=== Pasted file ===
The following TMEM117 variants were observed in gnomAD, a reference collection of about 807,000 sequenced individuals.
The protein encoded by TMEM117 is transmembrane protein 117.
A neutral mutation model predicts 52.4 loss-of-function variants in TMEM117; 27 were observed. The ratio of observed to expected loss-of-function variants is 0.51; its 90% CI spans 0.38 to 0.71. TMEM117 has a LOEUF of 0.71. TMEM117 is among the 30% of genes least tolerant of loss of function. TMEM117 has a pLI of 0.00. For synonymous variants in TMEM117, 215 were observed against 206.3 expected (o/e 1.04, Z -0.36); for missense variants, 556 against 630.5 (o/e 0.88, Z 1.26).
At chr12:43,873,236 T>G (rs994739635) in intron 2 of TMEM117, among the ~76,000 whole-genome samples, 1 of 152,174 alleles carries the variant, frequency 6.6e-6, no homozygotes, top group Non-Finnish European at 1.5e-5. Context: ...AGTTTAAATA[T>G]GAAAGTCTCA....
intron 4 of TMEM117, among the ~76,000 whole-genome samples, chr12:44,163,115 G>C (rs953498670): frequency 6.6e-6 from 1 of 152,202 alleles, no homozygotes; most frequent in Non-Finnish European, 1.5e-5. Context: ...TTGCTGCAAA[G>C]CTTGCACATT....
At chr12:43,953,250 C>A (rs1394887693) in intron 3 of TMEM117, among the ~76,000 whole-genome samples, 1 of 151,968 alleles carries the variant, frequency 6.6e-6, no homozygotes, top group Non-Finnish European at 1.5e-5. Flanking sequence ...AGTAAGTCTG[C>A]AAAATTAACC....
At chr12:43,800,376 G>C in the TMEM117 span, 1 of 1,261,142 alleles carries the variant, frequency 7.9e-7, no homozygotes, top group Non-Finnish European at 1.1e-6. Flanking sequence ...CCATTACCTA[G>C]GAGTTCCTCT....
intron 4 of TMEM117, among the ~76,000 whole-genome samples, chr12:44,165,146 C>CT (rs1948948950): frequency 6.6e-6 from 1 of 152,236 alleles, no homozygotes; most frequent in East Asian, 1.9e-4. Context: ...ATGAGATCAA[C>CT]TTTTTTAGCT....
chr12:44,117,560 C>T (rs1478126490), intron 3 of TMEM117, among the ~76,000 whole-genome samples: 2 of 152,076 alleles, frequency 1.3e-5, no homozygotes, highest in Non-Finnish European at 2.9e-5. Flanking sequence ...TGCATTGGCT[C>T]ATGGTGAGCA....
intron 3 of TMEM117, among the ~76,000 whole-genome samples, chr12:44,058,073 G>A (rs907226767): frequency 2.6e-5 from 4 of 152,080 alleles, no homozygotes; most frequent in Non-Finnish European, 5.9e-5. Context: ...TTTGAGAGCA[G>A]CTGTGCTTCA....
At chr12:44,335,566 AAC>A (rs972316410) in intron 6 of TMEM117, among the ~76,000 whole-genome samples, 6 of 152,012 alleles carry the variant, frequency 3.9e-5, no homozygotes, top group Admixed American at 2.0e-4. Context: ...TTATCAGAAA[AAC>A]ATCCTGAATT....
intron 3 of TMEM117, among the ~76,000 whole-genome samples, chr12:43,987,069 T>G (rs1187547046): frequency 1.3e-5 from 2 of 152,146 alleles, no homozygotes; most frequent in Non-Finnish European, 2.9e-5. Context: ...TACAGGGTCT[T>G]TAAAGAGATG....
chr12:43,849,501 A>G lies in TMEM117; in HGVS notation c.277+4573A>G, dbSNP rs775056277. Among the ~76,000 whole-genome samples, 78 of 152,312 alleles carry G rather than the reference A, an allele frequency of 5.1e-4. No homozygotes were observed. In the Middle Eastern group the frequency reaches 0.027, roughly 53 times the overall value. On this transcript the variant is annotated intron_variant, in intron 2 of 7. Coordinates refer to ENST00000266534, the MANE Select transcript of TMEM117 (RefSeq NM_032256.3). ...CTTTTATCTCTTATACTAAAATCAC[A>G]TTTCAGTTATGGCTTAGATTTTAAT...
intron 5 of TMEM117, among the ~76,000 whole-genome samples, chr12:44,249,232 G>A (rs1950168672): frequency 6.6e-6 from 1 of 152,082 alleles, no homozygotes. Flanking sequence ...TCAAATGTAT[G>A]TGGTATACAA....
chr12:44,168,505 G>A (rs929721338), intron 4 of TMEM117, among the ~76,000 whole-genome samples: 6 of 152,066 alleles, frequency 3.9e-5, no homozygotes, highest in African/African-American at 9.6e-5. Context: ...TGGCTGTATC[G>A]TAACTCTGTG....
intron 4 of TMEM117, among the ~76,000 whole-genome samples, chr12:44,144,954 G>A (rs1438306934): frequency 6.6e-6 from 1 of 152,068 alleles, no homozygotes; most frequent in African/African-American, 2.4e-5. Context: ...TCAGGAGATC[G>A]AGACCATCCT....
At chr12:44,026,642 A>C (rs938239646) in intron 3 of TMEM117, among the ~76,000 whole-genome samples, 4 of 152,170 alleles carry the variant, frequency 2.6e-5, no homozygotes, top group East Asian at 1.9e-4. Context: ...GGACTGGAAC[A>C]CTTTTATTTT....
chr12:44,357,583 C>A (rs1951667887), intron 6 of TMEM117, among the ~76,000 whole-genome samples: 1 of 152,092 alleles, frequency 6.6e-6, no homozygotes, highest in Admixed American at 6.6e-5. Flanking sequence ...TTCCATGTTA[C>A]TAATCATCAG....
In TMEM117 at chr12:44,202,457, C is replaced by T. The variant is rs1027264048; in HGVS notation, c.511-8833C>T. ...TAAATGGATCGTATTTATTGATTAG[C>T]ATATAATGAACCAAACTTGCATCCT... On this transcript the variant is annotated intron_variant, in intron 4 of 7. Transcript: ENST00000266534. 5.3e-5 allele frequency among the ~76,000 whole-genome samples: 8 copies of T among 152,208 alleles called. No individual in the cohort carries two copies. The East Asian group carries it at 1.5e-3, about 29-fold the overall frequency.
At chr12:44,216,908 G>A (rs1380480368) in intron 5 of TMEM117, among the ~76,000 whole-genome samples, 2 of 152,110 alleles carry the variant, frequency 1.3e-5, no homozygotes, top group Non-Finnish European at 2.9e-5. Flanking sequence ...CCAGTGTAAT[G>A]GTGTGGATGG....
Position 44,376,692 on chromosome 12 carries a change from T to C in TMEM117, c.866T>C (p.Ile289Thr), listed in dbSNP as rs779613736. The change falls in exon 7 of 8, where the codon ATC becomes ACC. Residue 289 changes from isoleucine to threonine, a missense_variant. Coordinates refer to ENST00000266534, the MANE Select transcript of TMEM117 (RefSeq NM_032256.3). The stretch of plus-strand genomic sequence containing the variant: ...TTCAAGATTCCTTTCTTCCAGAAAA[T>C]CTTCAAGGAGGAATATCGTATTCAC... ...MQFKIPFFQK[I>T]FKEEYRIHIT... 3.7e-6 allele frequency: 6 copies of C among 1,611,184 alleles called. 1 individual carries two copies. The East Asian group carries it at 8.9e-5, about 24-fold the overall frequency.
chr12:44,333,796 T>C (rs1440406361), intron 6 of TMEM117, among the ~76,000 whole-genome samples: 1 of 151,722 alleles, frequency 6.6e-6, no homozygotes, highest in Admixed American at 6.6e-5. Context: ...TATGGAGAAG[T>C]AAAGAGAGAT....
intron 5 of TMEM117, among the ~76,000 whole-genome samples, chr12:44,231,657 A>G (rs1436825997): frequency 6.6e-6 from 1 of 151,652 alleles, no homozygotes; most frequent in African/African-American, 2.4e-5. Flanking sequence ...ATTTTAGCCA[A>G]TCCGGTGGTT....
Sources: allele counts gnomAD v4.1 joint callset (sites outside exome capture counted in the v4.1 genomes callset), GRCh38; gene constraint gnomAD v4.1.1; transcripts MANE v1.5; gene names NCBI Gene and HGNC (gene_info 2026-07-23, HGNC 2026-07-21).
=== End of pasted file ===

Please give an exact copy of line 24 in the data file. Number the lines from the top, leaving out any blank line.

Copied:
Sources: allele counts gnomAD v4.1 joint callset (sites outside exome capture counted in the v4.1 genomes callset), GRCh38; gene constraint gnomAD v4.1.1; transcripts MANE v1.5; gene names NCBI Gene and HGNC (gene_info 2026-07-23, HGNC 2026-07-21).